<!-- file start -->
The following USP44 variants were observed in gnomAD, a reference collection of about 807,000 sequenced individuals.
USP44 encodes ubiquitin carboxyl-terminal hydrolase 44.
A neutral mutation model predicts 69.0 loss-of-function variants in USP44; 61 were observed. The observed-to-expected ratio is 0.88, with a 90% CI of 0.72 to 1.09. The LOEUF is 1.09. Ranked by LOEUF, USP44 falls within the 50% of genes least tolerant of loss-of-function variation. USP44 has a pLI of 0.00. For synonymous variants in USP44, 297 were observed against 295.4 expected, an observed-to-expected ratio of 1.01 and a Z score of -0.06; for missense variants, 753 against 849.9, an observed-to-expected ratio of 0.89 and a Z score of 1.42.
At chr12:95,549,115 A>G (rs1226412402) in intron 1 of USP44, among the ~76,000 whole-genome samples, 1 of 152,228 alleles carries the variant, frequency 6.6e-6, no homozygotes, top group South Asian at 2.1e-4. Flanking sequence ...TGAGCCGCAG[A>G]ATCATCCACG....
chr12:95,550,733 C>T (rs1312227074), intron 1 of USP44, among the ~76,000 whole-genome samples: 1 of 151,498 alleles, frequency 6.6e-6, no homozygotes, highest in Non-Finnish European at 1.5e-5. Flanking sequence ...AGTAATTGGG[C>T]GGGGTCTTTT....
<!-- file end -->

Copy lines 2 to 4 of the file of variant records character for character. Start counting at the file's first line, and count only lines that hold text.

USP44 encodes ubiquitin carboxyl-terminal hydrolase 44.
A neutral mutation model predicts 69.0 loss-of-function variants in USP44; 61 were observed. The observed-to-expected ratio is 0.88, with a 90% CI of 0.72 to 1.09. The LOEUF is 1.09. Ranked by LOEUF, USP44 falls within the 50% of genes least tolerant of loss-of-function variation. USP44 has a pLI of 0.00. For synonymous variants in USP44, 297 were observed against 295.4 expected, an observed-to-expected ratio of 1.01 and a Z score of -0.06; for missense variants, 753 against 849.9, an observed-to-expected ratio of 0.89 and a Z score of 1.42.
At chr12:95,549,115 A>G (rs1226412402) in intron 1 of USP44, among the ~76,000 whole-genome samples, 1 of 152,228 alleles carries the variant, frequency 6.6e-6, no homozygotes, top group South Asian at 2.1e-4. Flanking sequence ...TGAGCCGCAG[A>G]ATCATCCACG....